Yesterday I looked at every Latin program online that is possible (I think!) and just am not sure. I’m also really crazy and thinking of starting Spanish! LOL!

Finally, we are starting a human body unit also, in June probably. The Magic School Bus human body DVD and science kit look to be really fun, I think we’ll try those! :) And there is a free lapbook and unit study on Homeschool Share that i’ll use parts of too…

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57 KB March 19, 2010 at 5:48 pm

Apologia just came out with Human Anatomy! I can’t wait to get my hands on it. We are finishing up Apologia Astronomy in a small co-op setting with five boys and 3 girls ages 7-10 years. A huge asset was the purchased notebook guide I found to accompany it on Jeanne Fulbright’s website. Teaching this group was very rewarding.

I hope you like Apologia, too.

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58 Taylor March 19, 2010 at 8:07 pm

Edie, just wanted to say that all of the content on your blog is a blessed inspiration. I’m young and still trying to figure out a lot of things, but I so enjoy seeing you be continue to be youthful and joyful as a mother.
Also, I know this is not the right post but congratulations on your lake house! I’m thrilled for you because of the beautiful blessing of a house … and thrilled for me because it will be so fun to read about your move.

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59 Ruth March 20, 2010 at 12:13 am

I completely enjoy your homeschooling posts. Story of the World is one of may favorites. I love Charlotte Mason and classical education. We have done Considering God’s Creation and Saxon math. Right now we are using Math U See.

We love Easy Grammar here. My son was not doing well with grammar. He could not remember what a noun, verb, pronoun, etc. was. With this program he has improved so much in this past year.

We love to spend time reading here, too. I love the Charles and Mary Lamb Shakespeare. When I taught first grade I would read that to my class.

Thanks for sharing this great post. You are an encouragement to so many.
Ruth

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60 Elaine/TinkerVerve March 20, 2010 at 2:13 pm

I have some sweet/fond memories of the years that I was able to homeschool our kids! I wouldn’t trade a day of it!!!!

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61 jen March 20, 2010 at 8:50 pm

First, let me just say that I love, love, love your homeschooling posts; they are the reason that I started reading here. So let me encouraging you to do more homeschool posts.

Second, I have to tell you that when I read that paragraph about your take on HP, I leaned over to my husband and said, “OH, I love it! There are Christians out there who THINK!” Yay!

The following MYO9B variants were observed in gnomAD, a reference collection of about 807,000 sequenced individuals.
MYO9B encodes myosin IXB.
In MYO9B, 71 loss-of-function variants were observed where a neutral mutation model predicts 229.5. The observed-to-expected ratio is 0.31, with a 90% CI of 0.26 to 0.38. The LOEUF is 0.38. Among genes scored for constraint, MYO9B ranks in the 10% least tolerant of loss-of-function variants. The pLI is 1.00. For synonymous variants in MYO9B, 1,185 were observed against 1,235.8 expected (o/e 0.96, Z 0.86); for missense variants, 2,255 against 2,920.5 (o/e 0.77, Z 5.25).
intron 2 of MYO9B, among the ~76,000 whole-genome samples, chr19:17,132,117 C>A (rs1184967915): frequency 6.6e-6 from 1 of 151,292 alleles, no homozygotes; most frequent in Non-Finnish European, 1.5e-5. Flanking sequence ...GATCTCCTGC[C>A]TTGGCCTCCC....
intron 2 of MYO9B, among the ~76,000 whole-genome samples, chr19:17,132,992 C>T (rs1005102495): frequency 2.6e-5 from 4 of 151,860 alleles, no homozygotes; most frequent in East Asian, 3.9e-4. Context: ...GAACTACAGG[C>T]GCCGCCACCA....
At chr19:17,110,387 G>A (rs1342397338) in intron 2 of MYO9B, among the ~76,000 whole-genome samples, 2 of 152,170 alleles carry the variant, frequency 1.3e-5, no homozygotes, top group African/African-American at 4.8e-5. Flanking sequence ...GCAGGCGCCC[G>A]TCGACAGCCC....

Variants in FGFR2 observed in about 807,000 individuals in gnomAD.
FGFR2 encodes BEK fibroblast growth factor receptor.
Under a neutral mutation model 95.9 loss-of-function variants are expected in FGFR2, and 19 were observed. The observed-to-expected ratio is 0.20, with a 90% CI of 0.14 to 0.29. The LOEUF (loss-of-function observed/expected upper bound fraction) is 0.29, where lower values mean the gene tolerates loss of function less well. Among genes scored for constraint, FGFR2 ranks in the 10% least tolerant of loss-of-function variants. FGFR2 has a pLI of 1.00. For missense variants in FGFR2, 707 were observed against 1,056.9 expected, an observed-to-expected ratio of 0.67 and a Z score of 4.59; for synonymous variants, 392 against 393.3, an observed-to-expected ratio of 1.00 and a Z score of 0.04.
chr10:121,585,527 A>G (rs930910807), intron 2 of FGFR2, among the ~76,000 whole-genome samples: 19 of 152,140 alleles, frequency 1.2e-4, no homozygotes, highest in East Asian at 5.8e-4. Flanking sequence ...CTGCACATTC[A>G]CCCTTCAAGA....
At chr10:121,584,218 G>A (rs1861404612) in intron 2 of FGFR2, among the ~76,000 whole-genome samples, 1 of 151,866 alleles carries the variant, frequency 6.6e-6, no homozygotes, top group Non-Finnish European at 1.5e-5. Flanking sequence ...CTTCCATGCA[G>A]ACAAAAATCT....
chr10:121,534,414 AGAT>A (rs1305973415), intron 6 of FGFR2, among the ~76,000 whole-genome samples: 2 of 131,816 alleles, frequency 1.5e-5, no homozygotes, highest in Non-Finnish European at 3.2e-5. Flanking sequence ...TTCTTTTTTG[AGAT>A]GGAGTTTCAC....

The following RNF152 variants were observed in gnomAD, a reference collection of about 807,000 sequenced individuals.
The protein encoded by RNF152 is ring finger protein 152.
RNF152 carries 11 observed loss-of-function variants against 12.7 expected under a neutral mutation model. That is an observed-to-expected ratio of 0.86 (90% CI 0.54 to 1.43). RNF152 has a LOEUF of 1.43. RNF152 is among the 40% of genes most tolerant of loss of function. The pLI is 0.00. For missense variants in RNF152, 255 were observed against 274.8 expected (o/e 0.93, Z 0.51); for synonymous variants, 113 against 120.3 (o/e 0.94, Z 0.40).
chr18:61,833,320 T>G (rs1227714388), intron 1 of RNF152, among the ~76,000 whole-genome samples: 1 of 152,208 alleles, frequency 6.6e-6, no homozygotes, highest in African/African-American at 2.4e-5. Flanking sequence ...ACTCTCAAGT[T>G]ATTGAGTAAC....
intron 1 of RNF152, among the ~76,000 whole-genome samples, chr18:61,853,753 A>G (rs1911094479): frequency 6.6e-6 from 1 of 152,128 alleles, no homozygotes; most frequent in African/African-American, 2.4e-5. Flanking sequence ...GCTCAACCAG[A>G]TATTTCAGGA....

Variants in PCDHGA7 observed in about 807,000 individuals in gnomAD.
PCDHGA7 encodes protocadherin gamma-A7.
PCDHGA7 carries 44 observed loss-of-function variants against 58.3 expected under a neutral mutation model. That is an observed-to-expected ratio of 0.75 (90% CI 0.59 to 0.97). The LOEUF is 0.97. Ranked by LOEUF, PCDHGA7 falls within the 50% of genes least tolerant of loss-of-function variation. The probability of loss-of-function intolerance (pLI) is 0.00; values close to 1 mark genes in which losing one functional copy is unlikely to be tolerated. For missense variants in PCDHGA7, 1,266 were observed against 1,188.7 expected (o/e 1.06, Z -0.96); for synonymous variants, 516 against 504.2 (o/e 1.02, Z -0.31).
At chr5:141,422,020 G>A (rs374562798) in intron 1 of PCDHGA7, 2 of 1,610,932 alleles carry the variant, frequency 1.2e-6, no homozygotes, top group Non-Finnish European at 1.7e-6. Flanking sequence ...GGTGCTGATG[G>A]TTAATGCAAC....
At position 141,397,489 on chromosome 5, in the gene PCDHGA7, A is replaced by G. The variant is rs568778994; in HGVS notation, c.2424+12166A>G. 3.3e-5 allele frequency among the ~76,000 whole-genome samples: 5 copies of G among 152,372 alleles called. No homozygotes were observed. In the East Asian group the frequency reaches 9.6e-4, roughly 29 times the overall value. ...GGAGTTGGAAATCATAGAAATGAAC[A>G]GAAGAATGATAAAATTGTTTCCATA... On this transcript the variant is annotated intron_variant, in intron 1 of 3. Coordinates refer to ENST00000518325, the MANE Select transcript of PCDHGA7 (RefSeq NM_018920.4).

Math: I don’t know what category it falls into, but we use Horizons math and really, really like it. It uses a spiral method of teaching that has been great for my kids. It allows them to work on fairly complex things one little “bite” at a time. My third grader (who went to public school last year) just about died at the beginning of the year, because it was so different than what she was used to. After a couple weeks though, she was up to speed; now she is doing great and is able to apply her math to her everyday life.

Thanks for the link to the helping verbs song – will share it with my third grader this week!

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62 Ohio12 March 20, 2010 at 11:11 pm

I am one that always asks for more on homeschooling. Thank you so much for indulging us. Please continue to update us occasionally! Love the poem and literature recs especially

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63 Misty March 21, 2010 at 12:19 am

Your homeschool sounds wonderful. I know people are very opinionated on this topic but I say keep up the good work. We LOVE Story of the World Book 2 also. It is a fabulous history program. I am learning right along with my kids. And I was SO happy to finally meet a Christian homeschooler who shares my opinion about Harry Potter!

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64 Rhonda March 21, 2010 at 2:50 am

Wow – this post just impresses me even more! Physician, mother, teacher… sheesh lady!

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65 Ann Onomus March 21, 2010 at 4:44 am

I found this link on a Christian site. I was shocked to see that you are teaching your children the Harry Potter books. Maybe you are not aware of the danger of exposing children to the occult themes in the books. Please do some research on this.

Grace and peace

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66 maddie March 21, 2010 at 5:18 am

Edie~ thank you for this post. I also have two girls I am homeschooling. My teenage boys just started at the local public school (of course, we were *never* going to send them, but circumstances changed and thank the LORD, it’s been a good experience so far.)

Your post is just the boost I needed to get on track with my girls. We have always done a relaxed classical method along w/ Calvert curriculum. I have been rather burnt out the last year and a half and I realize that my girls are missing out on a lot of good reading that I did w/ my boys.

I am going to work on some reading goals for the rest of this school year…much thanks to you!:)

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67 the domestic fringe March 21, 2010 at 1:52 pm

I don’t homeschool and I’ve said at least a hundred times that I don’t want to/won’t homeschool, but recently I have been considering homeschooling my daughter next year. I can’t believe how many of the same books you are using that I have on my list. I don’t know for sure that I’m going to homeschool (money is definitely an issue), but if I do, I’d like to go the classical education route. It’s nice to hear from someone who is using some of these books.